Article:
Four thoughts about a few of the converging sports seasons:

• The Twins’ best starting pitcher in 2017 and their $12 million free-agent starting pitcher haven’t even taken the ball yet, making what Minnesota’s three starters combined to do in the opening series against Baltimore that much more impressive.

Jake Odorizzi, Kyle Gibson and Jose Berrios threw 21 shutout innings over three games against the Orioles, allowing just five hits combined while striking out 19.

It’s hard to say which outing was most impressive, though Berrios’ three-hit shutout Sunday might get the nod even over Gibson’s six hitless innings Saturday or Odorizzi’s dazzling debut Thursday.

It’s not enough to make you say, “Who needs Ervin Santana and Lance Lynn?” but it’s evidence of what we knew coming into the year: The Twins’ starting pitching should be better this year than it has been in a long time.

• It’s tempting to blame baseball’s schedule-makers for what figures to be a rough first homestand weather-wise for the Twins. Really, it’s just an extraordinarily cold week ahead.

Per usclimatedata.com, the average high temperature in Minneapolis on April 5 is 52.3 degrees — plenty warm for baseball. The projected high for the Twins home opener Thursday, though, is 35 — and that looks like it might be the nicest day of the week.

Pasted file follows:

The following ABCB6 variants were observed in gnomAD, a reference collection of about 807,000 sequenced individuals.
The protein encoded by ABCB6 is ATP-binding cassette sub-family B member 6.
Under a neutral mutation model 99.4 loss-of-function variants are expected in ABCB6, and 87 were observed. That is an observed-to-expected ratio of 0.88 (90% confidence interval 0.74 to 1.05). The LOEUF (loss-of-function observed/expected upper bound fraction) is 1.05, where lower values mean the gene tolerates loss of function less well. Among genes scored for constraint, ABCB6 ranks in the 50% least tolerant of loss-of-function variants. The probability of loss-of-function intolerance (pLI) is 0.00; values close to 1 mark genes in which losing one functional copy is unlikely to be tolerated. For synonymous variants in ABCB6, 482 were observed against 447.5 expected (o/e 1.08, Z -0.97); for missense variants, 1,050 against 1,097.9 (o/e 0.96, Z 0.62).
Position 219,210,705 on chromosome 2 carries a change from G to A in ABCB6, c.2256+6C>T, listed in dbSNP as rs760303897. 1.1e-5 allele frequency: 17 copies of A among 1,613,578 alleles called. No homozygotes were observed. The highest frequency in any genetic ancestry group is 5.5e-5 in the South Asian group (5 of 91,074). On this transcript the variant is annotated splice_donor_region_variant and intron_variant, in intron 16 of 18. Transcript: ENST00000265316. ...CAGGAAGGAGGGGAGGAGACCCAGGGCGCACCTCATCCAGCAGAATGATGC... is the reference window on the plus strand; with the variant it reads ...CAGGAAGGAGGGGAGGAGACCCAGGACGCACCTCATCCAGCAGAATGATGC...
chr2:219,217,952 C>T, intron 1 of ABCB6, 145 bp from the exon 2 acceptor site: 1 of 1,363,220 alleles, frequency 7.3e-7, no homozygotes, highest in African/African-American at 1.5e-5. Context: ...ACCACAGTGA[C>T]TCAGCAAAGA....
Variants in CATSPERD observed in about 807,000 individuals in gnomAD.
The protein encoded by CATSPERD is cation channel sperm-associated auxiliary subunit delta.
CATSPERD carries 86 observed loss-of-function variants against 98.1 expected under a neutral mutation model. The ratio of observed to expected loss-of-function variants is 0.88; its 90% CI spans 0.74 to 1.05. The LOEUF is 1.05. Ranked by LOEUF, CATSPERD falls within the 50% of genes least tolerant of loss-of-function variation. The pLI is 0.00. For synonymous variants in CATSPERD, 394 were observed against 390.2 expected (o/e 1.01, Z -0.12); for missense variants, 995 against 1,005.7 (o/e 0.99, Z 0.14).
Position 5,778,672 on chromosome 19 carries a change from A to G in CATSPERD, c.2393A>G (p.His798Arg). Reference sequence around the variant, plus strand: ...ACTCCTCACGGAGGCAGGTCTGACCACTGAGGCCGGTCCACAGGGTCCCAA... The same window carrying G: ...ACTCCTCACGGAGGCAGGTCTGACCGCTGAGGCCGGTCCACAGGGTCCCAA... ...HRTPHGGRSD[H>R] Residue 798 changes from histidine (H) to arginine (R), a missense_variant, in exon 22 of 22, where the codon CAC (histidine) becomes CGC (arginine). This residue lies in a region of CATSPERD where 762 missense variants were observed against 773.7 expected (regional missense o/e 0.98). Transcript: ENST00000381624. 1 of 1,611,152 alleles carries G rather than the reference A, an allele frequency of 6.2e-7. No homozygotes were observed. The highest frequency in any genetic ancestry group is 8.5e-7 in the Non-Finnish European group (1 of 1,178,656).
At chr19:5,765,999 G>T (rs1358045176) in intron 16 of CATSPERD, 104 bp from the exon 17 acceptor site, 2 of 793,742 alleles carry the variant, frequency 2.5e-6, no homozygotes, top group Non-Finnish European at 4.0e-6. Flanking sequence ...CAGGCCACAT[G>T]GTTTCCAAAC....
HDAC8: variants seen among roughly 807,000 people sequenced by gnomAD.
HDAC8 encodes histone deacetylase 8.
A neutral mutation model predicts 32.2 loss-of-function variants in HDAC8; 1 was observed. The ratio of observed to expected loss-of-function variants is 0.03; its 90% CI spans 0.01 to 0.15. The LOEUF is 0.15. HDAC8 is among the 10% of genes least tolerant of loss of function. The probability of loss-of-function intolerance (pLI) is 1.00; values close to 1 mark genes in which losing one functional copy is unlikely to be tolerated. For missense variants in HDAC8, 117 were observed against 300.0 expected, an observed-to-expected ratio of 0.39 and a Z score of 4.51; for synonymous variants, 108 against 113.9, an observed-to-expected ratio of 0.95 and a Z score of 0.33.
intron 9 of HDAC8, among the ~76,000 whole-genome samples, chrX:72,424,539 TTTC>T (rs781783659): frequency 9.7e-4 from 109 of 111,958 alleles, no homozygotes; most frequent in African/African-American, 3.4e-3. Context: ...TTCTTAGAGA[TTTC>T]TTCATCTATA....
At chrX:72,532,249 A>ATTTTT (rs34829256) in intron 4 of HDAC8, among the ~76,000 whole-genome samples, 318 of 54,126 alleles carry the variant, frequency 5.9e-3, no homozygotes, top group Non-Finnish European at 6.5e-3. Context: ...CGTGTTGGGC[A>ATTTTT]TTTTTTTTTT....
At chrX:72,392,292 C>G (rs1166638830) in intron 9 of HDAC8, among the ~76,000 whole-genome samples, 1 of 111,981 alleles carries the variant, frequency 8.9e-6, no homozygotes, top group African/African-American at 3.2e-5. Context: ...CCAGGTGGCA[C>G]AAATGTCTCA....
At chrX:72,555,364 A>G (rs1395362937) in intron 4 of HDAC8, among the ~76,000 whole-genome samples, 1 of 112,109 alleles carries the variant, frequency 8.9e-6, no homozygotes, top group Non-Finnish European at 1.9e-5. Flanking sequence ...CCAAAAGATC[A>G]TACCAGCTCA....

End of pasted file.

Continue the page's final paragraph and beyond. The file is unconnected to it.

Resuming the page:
Seriously.

If it feels like the MLB season started early — March 29 for the Twins, to be exact — you are correct. That said, the first Twins home game was actually two days earlier last year because they opened the season at home April 3 against the Royals.

This will all be a distant memory soon enough, but it’s hard to really blame MLB for squeezing in a few more games early in the year — when they can be played during the day, by the way — instead of risking the most meaningful games of the year extending into chilly November nights.

• Wild defenseman Ryan Suter had been so durable before his injury Saturday against Dallas that it was easy to take his presence in the lineup for granted.

Suter missed just five games in his first five seasons with the Wild — all of them coming in 2014-15 — and has suited up in all 78 for Minnesota this season. In all his seasons here, he has ranked among the top three players in the NHL in average ice time per game. This year, he sits at No. 2.

That will all change with Suter out indefinitely, of course. It’s hard to overstate his impact or what Suter’s absence will mean for the Wild’s postseason aspirations. Suffice to say, this is their biggest challenge in an already trying season.

• The NBA’s Western Conference is brutal, and there will still be plenty of reshuffling of the standings even after Sunday’s game between the Timberwolves and Utah.

That said, here is my minimum expectation for the Timberwolves this season in order to say they made a significant step forward: Make the playoffs, get a seed that allows them to play a competitive first-round series and win at least two playoff games.

Winning a playoff series would of course mean even more significant progress. Barely getting into the playoffs and bowing out quickly or missing the postseason altogether? This roster has too much talent for that to be an acceptable outcome, even if this is already the franchise’s best season in more than a decade.